To begin, I started the night before to let the ingredients flavor up the shoulders a bit (note: don’t forget to rinse and pat dry the pork shoulders prior to seasoning). You can do this at least an hour before smoking, but I didn’t want to wake up earlier than I needed to I chose to do it this way. First, I like to apply the Worcestershire sauce to help the other ingredients stick. The Hawaiian red sea salt, chicken buillon, and your favorite rub can be mixed together and applied, but I put them on one at a time. Regarding these ingredients, Hawaiian red sea salt can be tough to find locally. That is, unless you live in the Aloha State. I was able to find this at an Asian market, as well as the banana leaf to be used later. If you have no luck finding it near you, there’s always Amazon. If you’re like me and don’t purchase chicken bullion much, if at all, then here’s a tip for you I learned from this experience: bullion doesn’t always come in cubes. You can buy it already in the powder form. If you buy it in cubes, then you have to beat it down into powder, which I did by placing in a plastic bag and pounding with a rolling pin. For the rub, I tried the Bacon BBQ rub from Meat Church. It was my first time using it and I loved the flavor when I sampled it at my local BBQ shop.

The pre-seasoning ingredients.
The pre-seasoning ingredients.

After seasoning, I placed both pork shoulders into a large bowl and let rest overnight (FYI- the recipe I am posting is for one pork shoulder).

These two pork shoulders were seasoned and left in the fridge overnight.
These two pork shoulders were seasoned and left in the fridge overnight.

I got my smoker going the next morning and got the temperature of 275°F. Some do it at a lower temp and have it cook longer, but I like the 275°F temp and keep it in there for about 5 hours for this first step. Usually with Kalua pork recipes, they call for mesquite wood to smoke with. Since I had no mesquite wood on me, I used hickory and then I also wanted to put some Peach wood in there for a little bit of a sweeter flavor. I let that go for five hours, spritzing with a mixture of apple juice and apple cider vinegar once an hour.

Measuring temp on the pork shoulder with the Chef Alarm from Thermoworks.
Measuring temp on the pork shoulder with the Chef Alarm from Thermoworks.

After five hours and the internal temperature at about 150°F, I removed from the smoker. Leading up to this, I lay down two layers of heavy duty foil first, then a banana leaf. The banana leaf is usually a difficult one to find, but I found mine locally at an Asian market, just like the Hawaiian red sea salt. Rinse the banana leaf put it down on the foil, and then get the pork shoulder and place it on the banana leaf for wrapping, but don’t wrap yet.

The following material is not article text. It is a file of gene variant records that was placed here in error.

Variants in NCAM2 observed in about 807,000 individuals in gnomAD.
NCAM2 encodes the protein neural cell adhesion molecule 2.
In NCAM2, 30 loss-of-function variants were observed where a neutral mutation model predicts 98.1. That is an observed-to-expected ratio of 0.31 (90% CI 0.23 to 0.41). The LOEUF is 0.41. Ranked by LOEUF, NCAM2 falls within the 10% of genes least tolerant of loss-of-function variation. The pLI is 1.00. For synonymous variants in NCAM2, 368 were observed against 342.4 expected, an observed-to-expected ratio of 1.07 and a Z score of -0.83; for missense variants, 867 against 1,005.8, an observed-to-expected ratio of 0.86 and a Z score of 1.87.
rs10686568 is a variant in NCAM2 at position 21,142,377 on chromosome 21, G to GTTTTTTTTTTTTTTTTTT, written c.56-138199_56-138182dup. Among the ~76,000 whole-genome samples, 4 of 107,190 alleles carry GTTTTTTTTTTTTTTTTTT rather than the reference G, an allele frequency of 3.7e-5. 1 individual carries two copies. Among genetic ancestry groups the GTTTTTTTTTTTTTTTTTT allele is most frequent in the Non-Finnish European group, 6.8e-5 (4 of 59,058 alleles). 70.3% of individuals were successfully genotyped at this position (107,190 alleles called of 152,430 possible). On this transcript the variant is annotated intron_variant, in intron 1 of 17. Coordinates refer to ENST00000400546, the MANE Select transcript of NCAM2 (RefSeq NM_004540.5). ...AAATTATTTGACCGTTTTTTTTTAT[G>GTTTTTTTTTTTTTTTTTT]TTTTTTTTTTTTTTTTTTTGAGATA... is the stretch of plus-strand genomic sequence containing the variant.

Pulled from the smoker after five hours and placed directly on the banana leaves.
Pulled from the smoker after five hours and placed directly on the banana leaves.

Now you want to get your mopping sauce (hopefully you thought ahead unlike me and have already put it together) and spread it all over the pork shoulder. If you forgot what the ingredients were, then check the picture below:

Ingredients for the mopping sauce.
Ingredients for the mopping sauce.

I didn’t use all of the sauce, but plenty enough. The melted butter, brown sugar, and crushed pineapple together made me want to eat this mixture by the spoonful, but I exercised restraint and added the other two ingredients for mixing. I improvised with the teriyaki sauce. It just seemed fitting that a Hawaiian dish but have some sort of Teriyaki flavoring to it.

The mopping sauce.
The mopping sauce.

I apply the sauce and the pork shoulder looks like a mess. That’s okay, because it’s supposed to happen. Now wrap up in the banana leaf. The pack I bought had some pretty long leaves and I used one to wrap it up. It didn’t cover the pork shoulder completely, but the foil will help keep things in place.

The pork gets sauced.
The pork gets sauced.

I’m still unsure how relevant the banana leaf is to the flavor. I do know it is tradition to have it in the recipe for wrapping purposes because the leaf can hold the heat and juices in. When I find out for sure, I’ll update this post with that info.

Wrap upon wrap.
Wrap upon wrap.

Now that the banana leaf has wrapped around the pork shoulder, I wrap the foil around it and then throw it in the oven at 275°F for four hours *GASP!* Yep, in the oven because 1) I don’t wanna mess with regulating the heat in my smoker for four hours and 2) the meat had already absorbed five hours of smoke and won’t be able to take in much more than that.

There's something tasty cooking under that leaf.
There’s something tasty cooking under that leaf.

After four hours wrapped in the oven, the shoulder reaches 195°F, which is where pulling the pork gets to the point of easy shredding.  I unwrap and let it sit for about 20 minutes so the juices build up.

Kalua pork has sweet and savory flavors.
Kalua pork has sweet and savory flavors.

Between 195-203°F, the internal temp of the pork becomes easier too shred, thus meaning less time it takes to do that and the sooner you can your guests can dig in!

Ah, a savory sea of swine.
Ah, a savory sea of swine.

Enjoy!

Bacon-wrapped Pineapple with Pulled Pork

Pineapple gets an upgrade.
Pineapple gets an upgrade.

When browsing Instagram, I like to find things that inspire me. I usually repost them on my account (@learningtosmoke) and sometimes I end up trying them myself. I found a magical fusion of sweet and savory, reposted it, and then made it myself. These bacon-wrapped pineapple chunks with pulled pork were worth a try in my mind. Here’s what I did:

BACON-WRAPPED PINEAPPLE WITH PULLED PORK 

Ingredients: 

1 pineapple, cut into chunks

12 slices of bacon, halved

4 oz. pulled pork (usually from leftovers…when that actually happens)

1/2 cup brown sugar

Rub, as much as you wish

Maple syrup, enough to drizzle at the end

Wood: apple

Smoker Temp.: 240°F

Time: 75 minutes, grill/broil afterward to crisp the bacon